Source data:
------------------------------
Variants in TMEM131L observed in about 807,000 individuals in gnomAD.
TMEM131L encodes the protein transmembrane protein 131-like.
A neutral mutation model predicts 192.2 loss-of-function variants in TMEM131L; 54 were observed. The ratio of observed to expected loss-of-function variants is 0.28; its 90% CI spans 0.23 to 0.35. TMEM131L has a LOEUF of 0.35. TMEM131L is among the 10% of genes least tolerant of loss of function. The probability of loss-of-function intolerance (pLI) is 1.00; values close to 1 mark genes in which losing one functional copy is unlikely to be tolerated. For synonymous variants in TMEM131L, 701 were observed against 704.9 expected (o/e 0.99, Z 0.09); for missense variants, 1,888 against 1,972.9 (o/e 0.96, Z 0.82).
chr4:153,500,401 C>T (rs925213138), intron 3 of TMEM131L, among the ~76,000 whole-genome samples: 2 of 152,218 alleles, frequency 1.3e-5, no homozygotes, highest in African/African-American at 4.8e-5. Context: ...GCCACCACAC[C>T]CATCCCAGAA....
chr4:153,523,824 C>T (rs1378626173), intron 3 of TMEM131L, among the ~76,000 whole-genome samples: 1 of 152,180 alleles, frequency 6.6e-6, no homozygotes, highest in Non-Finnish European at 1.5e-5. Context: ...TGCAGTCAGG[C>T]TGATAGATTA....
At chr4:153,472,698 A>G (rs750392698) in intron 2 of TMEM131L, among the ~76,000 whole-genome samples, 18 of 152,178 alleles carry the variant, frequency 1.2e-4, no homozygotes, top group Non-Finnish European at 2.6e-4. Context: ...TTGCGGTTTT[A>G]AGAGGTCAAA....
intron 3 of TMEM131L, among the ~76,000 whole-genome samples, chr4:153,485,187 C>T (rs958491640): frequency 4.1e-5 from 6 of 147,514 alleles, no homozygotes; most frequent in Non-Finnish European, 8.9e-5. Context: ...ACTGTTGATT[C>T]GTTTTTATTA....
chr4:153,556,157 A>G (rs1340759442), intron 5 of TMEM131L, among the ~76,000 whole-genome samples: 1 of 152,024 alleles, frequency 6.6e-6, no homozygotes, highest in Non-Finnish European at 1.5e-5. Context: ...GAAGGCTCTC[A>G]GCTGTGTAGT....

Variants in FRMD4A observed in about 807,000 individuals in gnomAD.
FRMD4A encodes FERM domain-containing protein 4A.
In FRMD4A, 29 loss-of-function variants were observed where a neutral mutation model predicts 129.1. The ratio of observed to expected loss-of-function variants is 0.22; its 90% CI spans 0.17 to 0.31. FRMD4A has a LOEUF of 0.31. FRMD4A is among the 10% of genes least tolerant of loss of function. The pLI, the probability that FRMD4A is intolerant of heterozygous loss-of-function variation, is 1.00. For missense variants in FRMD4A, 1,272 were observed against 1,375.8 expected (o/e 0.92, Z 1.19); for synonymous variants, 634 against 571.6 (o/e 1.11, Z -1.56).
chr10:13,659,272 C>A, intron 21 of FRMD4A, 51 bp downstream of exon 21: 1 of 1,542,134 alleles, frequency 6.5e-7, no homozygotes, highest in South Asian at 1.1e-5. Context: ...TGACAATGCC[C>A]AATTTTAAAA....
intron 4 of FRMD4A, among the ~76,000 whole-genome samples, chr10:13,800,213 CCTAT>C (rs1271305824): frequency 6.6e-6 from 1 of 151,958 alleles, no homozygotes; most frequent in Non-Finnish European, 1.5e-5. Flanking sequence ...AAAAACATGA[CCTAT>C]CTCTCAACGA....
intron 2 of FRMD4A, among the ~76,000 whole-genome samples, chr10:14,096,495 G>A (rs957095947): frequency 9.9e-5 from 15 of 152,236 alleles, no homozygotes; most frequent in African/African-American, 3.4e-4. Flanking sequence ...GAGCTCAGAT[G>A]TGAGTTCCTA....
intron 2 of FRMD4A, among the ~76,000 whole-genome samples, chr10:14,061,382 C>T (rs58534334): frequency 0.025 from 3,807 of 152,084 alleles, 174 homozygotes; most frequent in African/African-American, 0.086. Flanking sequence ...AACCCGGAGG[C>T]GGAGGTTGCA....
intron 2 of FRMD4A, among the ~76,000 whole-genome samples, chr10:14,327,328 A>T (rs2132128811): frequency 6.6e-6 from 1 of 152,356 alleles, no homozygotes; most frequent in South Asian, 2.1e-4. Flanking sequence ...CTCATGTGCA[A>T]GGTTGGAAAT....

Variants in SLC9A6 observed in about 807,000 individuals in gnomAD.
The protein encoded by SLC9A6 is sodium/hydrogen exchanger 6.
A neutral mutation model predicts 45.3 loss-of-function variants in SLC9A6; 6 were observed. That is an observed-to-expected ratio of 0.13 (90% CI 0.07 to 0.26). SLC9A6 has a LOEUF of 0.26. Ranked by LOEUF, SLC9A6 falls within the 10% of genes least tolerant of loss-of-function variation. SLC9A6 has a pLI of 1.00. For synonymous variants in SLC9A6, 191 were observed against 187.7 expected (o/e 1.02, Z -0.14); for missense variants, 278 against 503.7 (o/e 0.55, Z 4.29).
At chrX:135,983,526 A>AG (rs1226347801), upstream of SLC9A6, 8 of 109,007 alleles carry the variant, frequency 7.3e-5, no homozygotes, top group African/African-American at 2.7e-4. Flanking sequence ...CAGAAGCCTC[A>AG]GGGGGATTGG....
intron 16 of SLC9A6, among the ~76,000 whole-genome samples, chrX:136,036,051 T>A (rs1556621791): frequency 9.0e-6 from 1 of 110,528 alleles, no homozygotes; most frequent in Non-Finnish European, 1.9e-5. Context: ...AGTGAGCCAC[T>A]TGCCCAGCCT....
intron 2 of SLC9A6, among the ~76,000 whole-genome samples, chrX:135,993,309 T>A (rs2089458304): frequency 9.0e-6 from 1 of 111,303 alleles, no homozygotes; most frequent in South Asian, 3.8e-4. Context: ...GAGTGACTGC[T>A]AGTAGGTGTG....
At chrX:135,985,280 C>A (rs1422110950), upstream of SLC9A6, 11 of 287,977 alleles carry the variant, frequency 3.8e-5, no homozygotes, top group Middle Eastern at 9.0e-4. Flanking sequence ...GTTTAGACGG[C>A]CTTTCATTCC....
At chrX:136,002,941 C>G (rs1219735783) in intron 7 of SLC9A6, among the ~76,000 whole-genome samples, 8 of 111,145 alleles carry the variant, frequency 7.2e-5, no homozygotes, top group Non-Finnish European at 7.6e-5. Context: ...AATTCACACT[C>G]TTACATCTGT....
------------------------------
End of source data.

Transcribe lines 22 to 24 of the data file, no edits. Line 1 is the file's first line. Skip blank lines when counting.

intron 2 of SLC9A6, among the ~76,000 whole-genome samples, chrX:135,993,309 T>A (rs2089458304): frequency 9.0e-6 from 1 of 111,303 alleles, no homozygotes; most frequent in South Asian, 3.8e-4. Context: ...GAGTGACTGC[T>A]AGTAGGTGTG....
At chrX:135,985,280 C>A (rs1422110950), upstream of SLC9A6, 11 of 287,977 alleles carry the variant, frequency 3.8e-5, no homozygotes, top group Middle Eastern at 9.0e-4. Flanking sequence ...GTTTAGACGG[C>A]CTTTCATTCC....
At chrX:136,002,941 C>G (rs1219735783) in intron 7 of SLC9A6, among the ~76,000 whole-genome samples, 8 of 111,145 alleles carry the variant, frequency 7.2e-5, no homozygotes, top group Non-Finnish European at 7.6e-5. Context: ...AATTCACACT[C>G]TTACATCTGT....